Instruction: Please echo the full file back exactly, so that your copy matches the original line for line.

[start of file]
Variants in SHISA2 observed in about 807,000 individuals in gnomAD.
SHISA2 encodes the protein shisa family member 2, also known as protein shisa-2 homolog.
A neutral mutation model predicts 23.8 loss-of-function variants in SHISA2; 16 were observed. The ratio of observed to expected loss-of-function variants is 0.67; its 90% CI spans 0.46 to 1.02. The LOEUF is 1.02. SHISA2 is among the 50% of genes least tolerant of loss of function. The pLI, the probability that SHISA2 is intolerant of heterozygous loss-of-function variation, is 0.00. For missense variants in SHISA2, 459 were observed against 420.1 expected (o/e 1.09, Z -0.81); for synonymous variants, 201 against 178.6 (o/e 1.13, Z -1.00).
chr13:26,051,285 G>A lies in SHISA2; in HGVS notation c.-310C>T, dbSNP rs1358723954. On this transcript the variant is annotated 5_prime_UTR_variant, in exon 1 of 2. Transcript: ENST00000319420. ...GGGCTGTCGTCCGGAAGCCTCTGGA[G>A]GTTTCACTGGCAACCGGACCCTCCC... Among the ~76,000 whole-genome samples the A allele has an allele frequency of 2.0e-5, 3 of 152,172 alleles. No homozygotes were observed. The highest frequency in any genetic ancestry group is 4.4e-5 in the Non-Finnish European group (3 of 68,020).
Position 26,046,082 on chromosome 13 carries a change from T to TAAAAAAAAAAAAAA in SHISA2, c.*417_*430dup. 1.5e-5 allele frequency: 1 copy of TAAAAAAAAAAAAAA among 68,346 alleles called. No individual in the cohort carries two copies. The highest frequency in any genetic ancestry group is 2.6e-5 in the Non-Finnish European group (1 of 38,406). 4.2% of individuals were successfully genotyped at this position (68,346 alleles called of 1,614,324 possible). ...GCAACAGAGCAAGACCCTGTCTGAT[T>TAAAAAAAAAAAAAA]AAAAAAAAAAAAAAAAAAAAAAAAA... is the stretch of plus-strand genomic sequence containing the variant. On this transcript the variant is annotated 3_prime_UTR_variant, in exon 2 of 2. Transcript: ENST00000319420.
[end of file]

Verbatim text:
Variants in SHISA2 observed in about 807,000 individuals in gnomAD.
SHISA2 encodes the protein shisa family member 2, also known as protein shisa-2 homolog.
A neutral mutation model predicts 23.8 loss-of-function variants in SHISA2; 16 were observed. The ratio of observed to expected loss-of-function variants is 0.67; its 90% CI spans 0.46 to 1.02. The LOEUF is 1.02. SHISA2 is among the 50% of genes least tolerant of loss of function. The pLI, the probability that SHISA2 is intolerant of heterozygous loss-of-function variation, is 0.00. For missense variants in SHISA2, 459 were observed against 420.1 expected (o/e 1.09, Z -0.81); for synonymous variants, 201 against 178.6 (o/e 1.13, Z -1.00).
chr13:26,051,285 G>A lies in SHISA2; in HGVS notation c.-310C>T, dbSNP rs1358723954. On this transcript the variant is annotated 5_prime_UTR_variant, in exon 1 of 2. Transcript: ENST00000319420. ...GGGCTGTCGTCCGGAAGCCTCTGGA[G>A]GTTTCACTGGCAACCGGACCCTCCC... Among the ~76,000 whole-genome samples the A allele has an allele frequency of 2.0e-5, 3 of 152,172 alleles. No homozygotes were observed. The highest frequency in any genetic ancestry group is 4.4e-5 in the Non-Finnish European group (3 of 68,020).
Position 26,046,082 on chromosome 13 carries a change from T to TAAAAAAAAAAAAAA in SHISA2, c.*417_*430dup. 1.5e-5 allele frequency: 1 copy of TAAAAAAAAAAAAAA among 68,346 alleles called. No individual in the cohort carries two copies. The highest frequency in any genetic ancestry group is 2.6e-5 in the Non-Finnish European group (1 of 38,406). 4.2% of individuals were successfully genotyped at this position (68,346 alleles called of 1,614,324 possible). ...GCAACAGAGCAAGACCCTGTCTGAT[T>TAAAAAAAAAAAAAA]AAAAAAAAAAAAAAAAAAAAAAAAA... is the stretch of plus-strand genomic sequence containing the variant. On this transcript the variant is annotated 3_prime_UTR_variant, in exon 2 of 2. Transcript: ENST00000319420.